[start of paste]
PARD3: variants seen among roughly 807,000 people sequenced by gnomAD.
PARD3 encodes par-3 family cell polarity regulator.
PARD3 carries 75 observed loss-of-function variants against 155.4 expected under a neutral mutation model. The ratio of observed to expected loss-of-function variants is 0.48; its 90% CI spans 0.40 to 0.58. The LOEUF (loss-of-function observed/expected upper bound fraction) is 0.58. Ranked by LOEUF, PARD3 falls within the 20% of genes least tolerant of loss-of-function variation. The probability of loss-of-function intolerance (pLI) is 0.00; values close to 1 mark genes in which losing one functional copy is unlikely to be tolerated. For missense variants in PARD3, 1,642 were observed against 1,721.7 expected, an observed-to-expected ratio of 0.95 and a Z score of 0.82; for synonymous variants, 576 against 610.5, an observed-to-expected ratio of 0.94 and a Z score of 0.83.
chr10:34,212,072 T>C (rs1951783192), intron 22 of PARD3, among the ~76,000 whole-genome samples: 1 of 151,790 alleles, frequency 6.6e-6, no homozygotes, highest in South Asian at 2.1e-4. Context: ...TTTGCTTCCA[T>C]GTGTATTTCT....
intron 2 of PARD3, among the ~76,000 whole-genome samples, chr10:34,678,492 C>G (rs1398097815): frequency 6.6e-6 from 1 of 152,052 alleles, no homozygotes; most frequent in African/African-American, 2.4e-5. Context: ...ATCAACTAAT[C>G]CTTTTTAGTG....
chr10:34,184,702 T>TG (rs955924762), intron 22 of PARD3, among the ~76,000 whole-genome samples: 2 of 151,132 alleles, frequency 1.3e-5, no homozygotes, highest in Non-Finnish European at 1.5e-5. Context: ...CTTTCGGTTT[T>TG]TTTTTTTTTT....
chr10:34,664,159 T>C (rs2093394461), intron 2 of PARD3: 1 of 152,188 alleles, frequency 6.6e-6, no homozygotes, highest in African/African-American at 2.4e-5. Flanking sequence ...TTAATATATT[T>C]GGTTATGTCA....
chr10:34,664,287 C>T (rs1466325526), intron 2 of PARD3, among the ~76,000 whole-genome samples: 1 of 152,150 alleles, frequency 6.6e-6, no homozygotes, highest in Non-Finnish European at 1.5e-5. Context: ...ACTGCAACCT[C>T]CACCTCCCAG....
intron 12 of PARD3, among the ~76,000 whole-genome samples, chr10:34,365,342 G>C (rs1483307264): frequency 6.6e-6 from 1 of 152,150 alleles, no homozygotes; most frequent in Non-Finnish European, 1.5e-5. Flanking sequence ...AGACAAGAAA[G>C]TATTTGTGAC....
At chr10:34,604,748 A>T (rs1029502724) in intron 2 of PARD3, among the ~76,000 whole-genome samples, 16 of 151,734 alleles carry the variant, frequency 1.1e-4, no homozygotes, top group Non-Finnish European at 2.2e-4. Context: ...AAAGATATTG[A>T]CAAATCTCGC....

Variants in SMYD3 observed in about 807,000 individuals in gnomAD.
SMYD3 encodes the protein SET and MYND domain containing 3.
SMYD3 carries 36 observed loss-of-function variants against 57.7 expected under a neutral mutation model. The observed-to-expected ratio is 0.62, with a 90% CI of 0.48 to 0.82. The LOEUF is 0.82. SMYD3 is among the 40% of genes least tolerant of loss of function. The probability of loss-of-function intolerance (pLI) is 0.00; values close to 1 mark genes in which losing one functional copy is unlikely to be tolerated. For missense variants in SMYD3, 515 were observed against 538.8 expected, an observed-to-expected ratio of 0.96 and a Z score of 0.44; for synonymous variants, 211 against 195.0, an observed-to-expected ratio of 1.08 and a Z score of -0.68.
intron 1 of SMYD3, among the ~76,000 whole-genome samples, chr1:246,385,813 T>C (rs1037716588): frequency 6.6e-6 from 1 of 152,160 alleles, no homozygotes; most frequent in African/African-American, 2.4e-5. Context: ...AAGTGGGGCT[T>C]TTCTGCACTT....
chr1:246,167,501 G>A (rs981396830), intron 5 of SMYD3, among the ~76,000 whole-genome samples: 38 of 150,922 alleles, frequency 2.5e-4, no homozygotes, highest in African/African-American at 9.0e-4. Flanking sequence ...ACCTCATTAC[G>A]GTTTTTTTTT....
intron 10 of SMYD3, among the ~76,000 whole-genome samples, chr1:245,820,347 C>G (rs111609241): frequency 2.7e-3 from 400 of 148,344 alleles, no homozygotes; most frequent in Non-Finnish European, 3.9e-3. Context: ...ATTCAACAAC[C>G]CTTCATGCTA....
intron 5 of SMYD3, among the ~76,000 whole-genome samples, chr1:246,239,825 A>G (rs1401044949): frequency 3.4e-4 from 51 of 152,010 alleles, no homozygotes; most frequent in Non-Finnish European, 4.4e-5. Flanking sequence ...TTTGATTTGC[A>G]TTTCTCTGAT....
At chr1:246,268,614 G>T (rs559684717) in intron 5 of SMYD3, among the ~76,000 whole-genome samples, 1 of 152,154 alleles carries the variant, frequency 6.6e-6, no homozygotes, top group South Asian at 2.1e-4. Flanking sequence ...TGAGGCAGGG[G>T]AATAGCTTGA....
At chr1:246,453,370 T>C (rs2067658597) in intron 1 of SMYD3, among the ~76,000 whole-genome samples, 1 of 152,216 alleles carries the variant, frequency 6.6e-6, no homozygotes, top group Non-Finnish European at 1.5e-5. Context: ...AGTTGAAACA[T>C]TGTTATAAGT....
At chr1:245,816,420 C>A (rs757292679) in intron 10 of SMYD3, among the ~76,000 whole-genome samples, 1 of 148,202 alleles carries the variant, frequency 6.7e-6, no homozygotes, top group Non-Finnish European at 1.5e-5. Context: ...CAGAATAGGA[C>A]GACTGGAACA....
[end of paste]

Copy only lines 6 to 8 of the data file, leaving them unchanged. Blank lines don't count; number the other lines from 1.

chr10:34,184,702 T>TG (rs955924762), intron 22 of PARD3, among the ~76,000 whole-genome samples: 2 of 151,132 alleles, frequency 1.3e-5, no homozygotes, highest in Non-Finnish European at 1.5e-5. Context: ...CTTTCGGTTT[T>TG]TTTTTTTTTT....
chr10:34,664,159 T>C (rs2093394461), intron 2 of PARD3: 1 of 152,188 alleles, frequency 6.6e-6, no homozygotes, highest in African/African-American at 2.4e-5. Flanking sequence ...TTAATATATT[T>C]GGTTATGTCA....
chr10:34,664,287 C>T (rs1466325526), intron 2 of PARD3, among the ~76,000 whole-genome samples: 1 of 152,150 alleles, frequency 6.6e-6, no homozygotes, highest in Non-Finnish European at 1.5e-5. Context: ...ACTGCAACCT[C>T]CACCTCCCAG....